In the first half of July, I mentioned that ExpresSpa Group (NASDAQ:XSPA) deserves significant credit for not crying over spilled milk. Instead, management rolled up it sleeves and pivoted to a radically new business model: testing for the novel coronavirus. However, I was ultimately skeptical about XSPA stock over the long run due to the myriad variables associated with the Covid-19 pandemic.
In hindsight, I’m glad that I brought some skepticism to the table because XSPA stock became volatile shortly after my article was published. But with shares back to around where they were on July 9, the date of publication, I’ve taken the time to digest my analysis. Long story short, I think I was asking the wrong question (but fortunately ended up with the right results).
This time, I’d like to (hopefully) ask the right question and also get the right results. At this juncture, what prospective investors should ask themselves is, do enough people believe in this pivot? Currently, the answer is a resounding yes.
Over the last few weeks, several analysts have studied the fundamentals and have come to a less-than-favorable conclusion. But it’s the wrong framework. XSPA stock thrives on determined traders and big hopes, not the company’s actual business model.
New Normal Math Favors XSPA Stock
Under ordinary circumstances, the bears would likely have the better case regarding XSPA stock. But as we’ve all learned, these aren’t ordinary circumstances. Instead, we’re living in the new normal, one that has seen explosive growth in Robinhood and other popular investing platforms.
For whatever reason – likely due to the need for Covid-19 testing to move the air travel industry forward – the masses have chosen ExpresSpa as their go-to pick. Of course, mere bullishness is not enough. You also need to produce positive outcomes; otherwise, what’s the point?
Interestingly, several analysts have pointed to the Robinhood effect as the catalyst for exuberant, irrational trading among hot stocks. But what separates ExpresSpa is that the math supporting the bullish case is very compelling.
My theory is that the nature or personality of XSPA stock has fundamentally changed. To measure this, I took a five-day rolling correlation coefficient between two metrics: daily bullish trading sentiment and daily performance (outcome).
If this time is different for XSPA stock, I should see variance between the coefficient of trading in 2020 versus prior years. Not only do I see that in the data but the variance in my opinion is statistically significant.
Following ExpresSpa’s initial public offering and the exuberance of youth, XSPA began trading in a defined range between third-quarter 2013 and Q2 2018. But the average coefficient here was a measly 3.8%, with a peak coefficient no higher than 15.3%. In other words, there was no statistically significant relationship between bullish sentiment and positive outcomes for XSPA stock.
But you cannot say that this year, specifically in Q2. That’s when the coefficient hit 42.72%, up almost three standard deviations (from the total dataset). This is the kind of productive enthusiasm that you just can’t ignore.
How Long Can This Last?
Despite the wishes of ExpresSpa’s passionate supporters, no publicly traded asset goes up indefinitely. At some point, skepticism will weigh on the valuation. But when?
That’s the million-dollar question. Now, I respect the bulls’ arguments here, which are plentiful. As I stated earlier, we may need airport testing to get the economy (literally) moving again. Thus, with ExpresSpa’s first-mover advantage in attempting to monetize this space, this could provide a long-haul catalyst for XSPA stock.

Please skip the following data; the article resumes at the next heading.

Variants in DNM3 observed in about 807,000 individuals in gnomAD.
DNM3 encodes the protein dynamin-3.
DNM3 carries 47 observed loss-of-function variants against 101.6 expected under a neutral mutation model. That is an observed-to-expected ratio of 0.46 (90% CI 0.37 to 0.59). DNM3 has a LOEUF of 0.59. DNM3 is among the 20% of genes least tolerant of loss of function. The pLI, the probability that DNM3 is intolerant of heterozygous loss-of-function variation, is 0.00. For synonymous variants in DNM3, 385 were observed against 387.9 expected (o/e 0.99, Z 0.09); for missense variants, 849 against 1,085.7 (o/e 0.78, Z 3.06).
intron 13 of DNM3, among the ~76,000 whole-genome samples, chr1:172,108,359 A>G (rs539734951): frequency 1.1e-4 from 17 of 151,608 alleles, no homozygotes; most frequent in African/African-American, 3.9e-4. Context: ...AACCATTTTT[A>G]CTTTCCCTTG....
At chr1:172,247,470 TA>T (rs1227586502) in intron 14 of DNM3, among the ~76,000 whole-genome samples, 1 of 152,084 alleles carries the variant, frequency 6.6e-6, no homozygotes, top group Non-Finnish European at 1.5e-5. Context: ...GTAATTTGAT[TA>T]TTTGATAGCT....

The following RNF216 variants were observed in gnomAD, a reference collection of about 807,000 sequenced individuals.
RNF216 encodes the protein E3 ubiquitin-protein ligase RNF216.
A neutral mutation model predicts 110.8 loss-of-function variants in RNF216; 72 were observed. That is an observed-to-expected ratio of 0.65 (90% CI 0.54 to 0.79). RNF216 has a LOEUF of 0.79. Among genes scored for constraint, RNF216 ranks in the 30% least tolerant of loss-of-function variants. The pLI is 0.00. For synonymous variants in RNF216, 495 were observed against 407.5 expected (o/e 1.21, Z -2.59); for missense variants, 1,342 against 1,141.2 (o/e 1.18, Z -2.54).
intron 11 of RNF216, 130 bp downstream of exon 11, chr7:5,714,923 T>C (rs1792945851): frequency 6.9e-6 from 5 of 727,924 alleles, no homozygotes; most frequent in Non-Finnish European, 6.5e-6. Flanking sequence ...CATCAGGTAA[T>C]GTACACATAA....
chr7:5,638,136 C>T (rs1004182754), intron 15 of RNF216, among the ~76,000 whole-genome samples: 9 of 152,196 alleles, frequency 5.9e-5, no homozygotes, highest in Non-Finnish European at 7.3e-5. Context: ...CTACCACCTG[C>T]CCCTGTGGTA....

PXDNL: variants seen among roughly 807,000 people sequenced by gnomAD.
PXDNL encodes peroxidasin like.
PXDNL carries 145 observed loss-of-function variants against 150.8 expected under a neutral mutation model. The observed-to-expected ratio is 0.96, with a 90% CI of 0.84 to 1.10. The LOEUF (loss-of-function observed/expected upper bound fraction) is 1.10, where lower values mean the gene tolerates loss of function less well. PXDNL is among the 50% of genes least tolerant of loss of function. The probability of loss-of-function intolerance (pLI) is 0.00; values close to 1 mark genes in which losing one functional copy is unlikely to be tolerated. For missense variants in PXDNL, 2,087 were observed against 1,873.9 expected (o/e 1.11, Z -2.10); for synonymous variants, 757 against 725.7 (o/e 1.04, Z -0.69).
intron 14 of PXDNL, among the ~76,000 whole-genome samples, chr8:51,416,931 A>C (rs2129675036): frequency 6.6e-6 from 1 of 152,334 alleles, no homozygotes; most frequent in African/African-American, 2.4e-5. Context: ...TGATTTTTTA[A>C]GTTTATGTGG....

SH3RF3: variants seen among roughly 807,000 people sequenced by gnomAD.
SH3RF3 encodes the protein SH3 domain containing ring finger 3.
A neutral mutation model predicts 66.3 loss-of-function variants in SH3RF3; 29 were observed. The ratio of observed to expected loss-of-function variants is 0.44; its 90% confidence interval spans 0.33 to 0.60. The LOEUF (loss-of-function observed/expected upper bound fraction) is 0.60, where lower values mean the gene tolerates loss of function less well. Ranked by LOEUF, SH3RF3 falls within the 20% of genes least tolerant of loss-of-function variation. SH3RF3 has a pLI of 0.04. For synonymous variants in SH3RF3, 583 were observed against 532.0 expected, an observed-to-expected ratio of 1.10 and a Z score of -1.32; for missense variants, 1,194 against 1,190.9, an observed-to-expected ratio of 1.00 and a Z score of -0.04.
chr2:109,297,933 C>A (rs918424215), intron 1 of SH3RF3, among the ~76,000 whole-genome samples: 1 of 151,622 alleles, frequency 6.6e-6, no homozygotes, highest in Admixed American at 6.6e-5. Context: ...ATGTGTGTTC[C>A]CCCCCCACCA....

However, you should also be careful about going too overboard. Mainly, Covid-19 testing adds one more massive inconvenience for travelers. Yes, Germany is rolling out airport testing successfully thus far. But travel demand is down virtually everywhere. So, while testing works now, will it work when we return to 100% capacity?
I should point out a wrinkle here that could give us clarity and that’s the political backdrop. Gradually, air travel demand is improving. But it’s still down about 70% from year-ago levels. To get into the meat of the recovery, the entire air travel supply chain – including possible testing mechanisms – will need additional federal support.
With President Trump behind in the polls, he may not be in a position to refuse. Therefore, I think realistically, XSPA stock has an upside pathway till the election.
Over the long run, I’m still hesitant. I’d have to reassess the situation at the time. One of the risk factors to ExpresSpa is that other businesses can get very creative. Take for example Zephyr Aerospace. This is a company that is proposing revolutionary lie-flat seating compartments for economy class while maintaining seat density for airliners.
In my opinion, this is a win-win as the seating compartment facilitates social distancing in the cheapo seats, thereby reducing the need for testing.
Breaking It All Down
In the near term, XSPA stock is a buy. It’s not just about raving support on social media. That’s mostly noise you can ignore. Rather, this is support that’s producing positive outcomes in at least a modestly predictable manner.
Certainly, you do not want to short shares. Over the long term, I remain skeptical. If Covid-19 fades away, you’d think that ExpresSpa will have to pivot back to its original business, which wasn’t all that successful. Until then, happy trading!
A former senior business analyst for Sony Electronics, Josh Enomoto has helped broker major contracts with Fortune Global 500 companies. Over the past several years, he has delivered unique, critical insights for the investment markets, as well as various other industries including legal, construction management, and healthcare. As of this writing, he is considering XSPA stock as a short-term upside gamble.